Last month, students attempted to physically attack Ann Coulter -- forcing police to intervene to protect her -- during an appearance at Cornell University. The world took little note of the incident, but it speaks volumes about the state of higher education and of an academic culture that is anything but. On April 30, the bestselling conservative author, lawyer and well-known TV commentator returned to her alma mater to speak about the Confederate flag controversy. She came as the guest of the Cornell College Republicans and the Cornell Review, a conservative student paper she had helped to found 17 years earlier. A little over six years ago, I spoke under the same auspices. As a result, I am familiar with the context in which the episode occurred.
Cornell is one of the most segregated institutions in the United States. Many of its black students choose to live in all-black dorms -- a privilege officially denied to most other ethnicities and races at the school. A good many of those black students attend classes at the Africana Studies Center at the north end of campus, where they never have to mix with the general student population. At Africana, they are taught by a faculty infused with the humors of political correctness, anti-white racism and a pseudo-Marxist contempt for American institutions and principles. Here they learn that "only whites can be racist" (because only whites have power) and that slavery in Africa was not really bad (because it wasn't "capitalist" and the slaveholders were black).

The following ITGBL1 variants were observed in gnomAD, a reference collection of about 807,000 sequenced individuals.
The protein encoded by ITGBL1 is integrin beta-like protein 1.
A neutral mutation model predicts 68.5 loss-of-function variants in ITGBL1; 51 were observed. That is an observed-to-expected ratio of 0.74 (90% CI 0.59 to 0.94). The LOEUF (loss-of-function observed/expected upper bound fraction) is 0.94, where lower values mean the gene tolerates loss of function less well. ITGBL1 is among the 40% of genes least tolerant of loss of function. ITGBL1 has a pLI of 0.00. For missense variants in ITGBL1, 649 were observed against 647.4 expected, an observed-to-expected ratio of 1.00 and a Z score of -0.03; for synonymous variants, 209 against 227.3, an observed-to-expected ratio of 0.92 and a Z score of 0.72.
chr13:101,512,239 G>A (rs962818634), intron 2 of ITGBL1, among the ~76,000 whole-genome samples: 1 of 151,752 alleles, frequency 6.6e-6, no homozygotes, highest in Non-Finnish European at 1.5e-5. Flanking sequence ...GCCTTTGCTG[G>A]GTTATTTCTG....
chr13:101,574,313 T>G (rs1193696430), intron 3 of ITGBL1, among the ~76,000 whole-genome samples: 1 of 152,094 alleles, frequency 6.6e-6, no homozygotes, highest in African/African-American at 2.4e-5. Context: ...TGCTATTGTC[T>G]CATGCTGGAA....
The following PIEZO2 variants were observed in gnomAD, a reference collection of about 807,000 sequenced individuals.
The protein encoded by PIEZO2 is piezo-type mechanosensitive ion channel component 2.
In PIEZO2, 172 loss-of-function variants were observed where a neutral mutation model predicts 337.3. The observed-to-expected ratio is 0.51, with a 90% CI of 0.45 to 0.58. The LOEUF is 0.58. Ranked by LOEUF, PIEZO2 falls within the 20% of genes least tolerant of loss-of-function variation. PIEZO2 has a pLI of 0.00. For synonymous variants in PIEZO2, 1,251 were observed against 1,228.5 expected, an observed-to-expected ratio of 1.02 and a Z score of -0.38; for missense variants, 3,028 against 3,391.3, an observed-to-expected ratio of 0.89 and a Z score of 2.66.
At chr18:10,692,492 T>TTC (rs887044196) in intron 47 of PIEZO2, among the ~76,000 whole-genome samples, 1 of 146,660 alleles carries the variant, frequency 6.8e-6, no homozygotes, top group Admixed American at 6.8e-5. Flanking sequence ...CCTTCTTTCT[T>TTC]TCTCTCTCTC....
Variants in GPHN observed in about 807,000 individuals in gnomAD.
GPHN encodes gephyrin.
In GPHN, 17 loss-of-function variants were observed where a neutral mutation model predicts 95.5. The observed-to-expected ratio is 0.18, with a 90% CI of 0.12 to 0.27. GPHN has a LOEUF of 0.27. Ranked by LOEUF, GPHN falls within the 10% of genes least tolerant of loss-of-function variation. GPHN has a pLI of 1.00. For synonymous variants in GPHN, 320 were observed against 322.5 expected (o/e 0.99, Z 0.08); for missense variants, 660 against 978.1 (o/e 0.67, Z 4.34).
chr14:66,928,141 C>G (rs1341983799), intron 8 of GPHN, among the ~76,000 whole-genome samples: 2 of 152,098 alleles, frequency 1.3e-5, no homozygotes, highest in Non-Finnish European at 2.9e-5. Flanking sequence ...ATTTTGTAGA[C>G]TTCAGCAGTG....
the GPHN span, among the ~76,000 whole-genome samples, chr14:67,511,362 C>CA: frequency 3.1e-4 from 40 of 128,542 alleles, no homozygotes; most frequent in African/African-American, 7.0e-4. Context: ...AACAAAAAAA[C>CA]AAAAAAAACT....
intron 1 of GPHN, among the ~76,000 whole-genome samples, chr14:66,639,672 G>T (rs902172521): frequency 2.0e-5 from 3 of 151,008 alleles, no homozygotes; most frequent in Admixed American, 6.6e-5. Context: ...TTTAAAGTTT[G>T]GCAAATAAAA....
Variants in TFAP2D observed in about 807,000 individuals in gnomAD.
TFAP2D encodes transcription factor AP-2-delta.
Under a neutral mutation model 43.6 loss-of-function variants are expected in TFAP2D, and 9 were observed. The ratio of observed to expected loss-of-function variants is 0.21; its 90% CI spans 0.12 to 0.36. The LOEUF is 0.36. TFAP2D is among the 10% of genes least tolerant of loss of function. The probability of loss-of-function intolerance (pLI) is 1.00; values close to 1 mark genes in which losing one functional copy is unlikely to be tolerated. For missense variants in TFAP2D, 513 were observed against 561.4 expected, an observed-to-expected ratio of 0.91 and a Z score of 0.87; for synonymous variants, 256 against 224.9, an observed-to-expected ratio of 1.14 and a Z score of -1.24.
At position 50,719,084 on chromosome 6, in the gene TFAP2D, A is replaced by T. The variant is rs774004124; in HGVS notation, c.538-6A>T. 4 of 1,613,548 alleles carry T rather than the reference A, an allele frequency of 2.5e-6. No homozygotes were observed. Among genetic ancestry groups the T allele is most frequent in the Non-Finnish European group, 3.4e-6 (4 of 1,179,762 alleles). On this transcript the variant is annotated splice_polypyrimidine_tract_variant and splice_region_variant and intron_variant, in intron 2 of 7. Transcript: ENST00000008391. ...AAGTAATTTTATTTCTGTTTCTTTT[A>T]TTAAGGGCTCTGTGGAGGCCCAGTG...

The politicization of black studies (and all social disciplines) at Cornell began in 1969 with the most disgraceful occurrence in the history of American higher education. In that year, black radicals armed with shotguns took over the Cornell administration building. From this high ground, they issued a set of demands as a ransom for not carrying their mayhem further. In a denouement that more than any other event may be said to have given birth to the contemporary politicized university, the Cornell administration capitulated to the terrorists' demands. Among these was the surrender of the future education of black students at Cornell to a faculty that met the terrorists' own standards of political correctness.
Since then, the triumph of the political left at Cornell has been challenged only by the pinpricks administered by the Cornell Review and the sporadic appearances of conservative speakers such as Coulter. Unlike for leftists who are invited to speak at Cornell, Coulter's appearance had to be underwritten by outside sources -- in this case (as in most) by the Young America's Foundation in Washington, since the student funds available for such programs at Cornell (as elsewhere) are firmly in the grip of the political left.